are most committed are 87% less likely to resign) and hence preserve the investment that has been made in them through inclusive talent management. Furthermore, a study by the US Society for Human Resource Management (2012) found that it was possible to increase employee engagement through focused talent management initiatives. In particular, it was argued that line manager relationships as well as the opportunity to use knowledge and skills were two of the key drivers of employee engagement. Hence the conclusion was reached that focusing talent management initiatives in these two areas would yield results. The suggestion was a ‘talent management framework in which employees and managers can work together to establish clear measurable goals, competencies, and career development activities that align with corporate objectives.’ And it was noted that:
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Results and discussion

Results and discussion

The main problems identified for local organic food chains in the present study have earlier been reported for organic supply chains generally. These are imbalance between supply and demand; high ope- rating costs; lack of cooperation and incompatibility of values and goals of actors, not least due to the different strategic roles of organic food for companies; poor information flow; and poor supply reliability (Baecke et al., 00; Hamm et al., 00; Wycherley, 00; Finfood, 00; Franks, 2003). Kottila et al. (2005) have, in accordance with the present study, identified two important things: closer collaboration and exchange of information within the chain and involvement of actors outside the chain in, for example, management and delivering of information on values of organic food. Likewise, cooperation and deeper understanding of the customer value creation process have been found to play a crucial role in the development of local food supply chains (Forsman and Paajanen, 2002). In the case studies of Vergunst (2003), the reinforcement of the local stock of social capital was perceived ultimately to facilitate and reinforce the local economy. Local partnership in food systems require new structures for communication and collaboration (Guptill and Wil- kins, 2002), but has greater potential and feasibility than partnership within national and global food chains and more potential for feedback from ecosystems to actors for the change (Vergunst, 2002; Sundkvist et al., 2005). Further, conscious efforts to find common features of a value base promoting commitment to the partnership network might have more potential in local than in larger systems.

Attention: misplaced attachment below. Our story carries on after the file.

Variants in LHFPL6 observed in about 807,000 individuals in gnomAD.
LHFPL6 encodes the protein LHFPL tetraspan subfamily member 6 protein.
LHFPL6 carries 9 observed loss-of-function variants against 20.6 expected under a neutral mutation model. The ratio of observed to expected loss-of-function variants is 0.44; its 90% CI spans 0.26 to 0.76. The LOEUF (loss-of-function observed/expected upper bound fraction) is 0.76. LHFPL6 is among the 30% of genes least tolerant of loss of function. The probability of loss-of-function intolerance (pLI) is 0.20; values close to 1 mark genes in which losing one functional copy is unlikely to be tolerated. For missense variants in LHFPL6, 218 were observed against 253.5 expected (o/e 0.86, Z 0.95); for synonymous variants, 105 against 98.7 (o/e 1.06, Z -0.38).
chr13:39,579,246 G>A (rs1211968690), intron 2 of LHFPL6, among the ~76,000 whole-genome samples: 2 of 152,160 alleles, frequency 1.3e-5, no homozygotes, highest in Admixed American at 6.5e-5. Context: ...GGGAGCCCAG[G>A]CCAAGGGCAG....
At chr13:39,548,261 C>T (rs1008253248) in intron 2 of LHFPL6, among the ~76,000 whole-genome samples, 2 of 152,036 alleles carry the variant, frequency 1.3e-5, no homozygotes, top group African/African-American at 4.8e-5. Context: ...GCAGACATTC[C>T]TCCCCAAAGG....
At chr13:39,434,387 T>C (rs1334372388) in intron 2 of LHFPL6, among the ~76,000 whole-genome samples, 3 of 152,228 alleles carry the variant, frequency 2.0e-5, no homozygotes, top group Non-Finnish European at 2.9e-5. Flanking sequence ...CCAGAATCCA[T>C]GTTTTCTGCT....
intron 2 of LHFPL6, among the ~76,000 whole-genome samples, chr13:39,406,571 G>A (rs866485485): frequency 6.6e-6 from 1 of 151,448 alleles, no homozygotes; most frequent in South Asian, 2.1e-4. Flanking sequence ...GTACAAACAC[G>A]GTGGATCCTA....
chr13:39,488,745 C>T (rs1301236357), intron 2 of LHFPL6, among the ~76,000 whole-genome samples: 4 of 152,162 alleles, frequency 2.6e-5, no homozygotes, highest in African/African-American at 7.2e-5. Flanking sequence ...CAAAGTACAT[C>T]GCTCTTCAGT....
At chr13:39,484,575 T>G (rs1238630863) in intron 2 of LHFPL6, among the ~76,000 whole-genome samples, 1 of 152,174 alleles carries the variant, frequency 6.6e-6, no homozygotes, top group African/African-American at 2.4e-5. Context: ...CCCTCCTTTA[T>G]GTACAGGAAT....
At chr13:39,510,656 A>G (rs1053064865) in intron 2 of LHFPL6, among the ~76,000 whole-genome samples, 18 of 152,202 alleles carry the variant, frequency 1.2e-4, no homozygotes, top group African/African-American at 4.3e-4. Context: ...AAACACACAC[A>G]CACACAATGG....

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Management Discussion and Analysis of Financial Position and Operating Results

Management Discussion and Analysis of Financial Position and Operating Results

Readers are cautioned that the foregoing list of factors that may affect future growth, results and performance is not exhaustive. Undue reliance should not be placed on forward-looking statements. Although the Company believes that the expectations conveyed by the forward-looking statements are based on information available on the date such statements were made, there can be no assurance that such expectations will prove to be correct. All subsequent forward-looking statements, whether written or orally attributable to the Company or persons acting on its behalf, are expressly qualified in their entirety by these cautionary statements. Unless otherwise required by applicable securities laws, the Company expressly disclaims any intention, and assumes no obligation to update or revise any forward-looking statement, whether as a result of new information, future events or otherwise.
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Management Discussion and Analysis of Financial Position and Operating Results

Management Discussion and Analysis of Financial Position and Operating Results

Readers are cautioned that the foregoing list of factors that may affect future growth, results and performance is not exhaustive and undue reliance should not be placed on forward-looking statements. Although the Company believes that the expectations conveyed by the forward-looking statements are based on information available to it on the date such statements were made, there can be no assurance that such expectations will prove to be correct. All subsequent forward- looking statements, whether written or orally attributable to the Company or persons acting on its behalf, are expressly qualified in their entirety by these cautionary statements. Unless otherwise required by applicable securities laws, the Company expressly disclaims any intention, and assumes no obligation to update or revise any forward-looking statements, whether as a result of new information, future events or otherwise.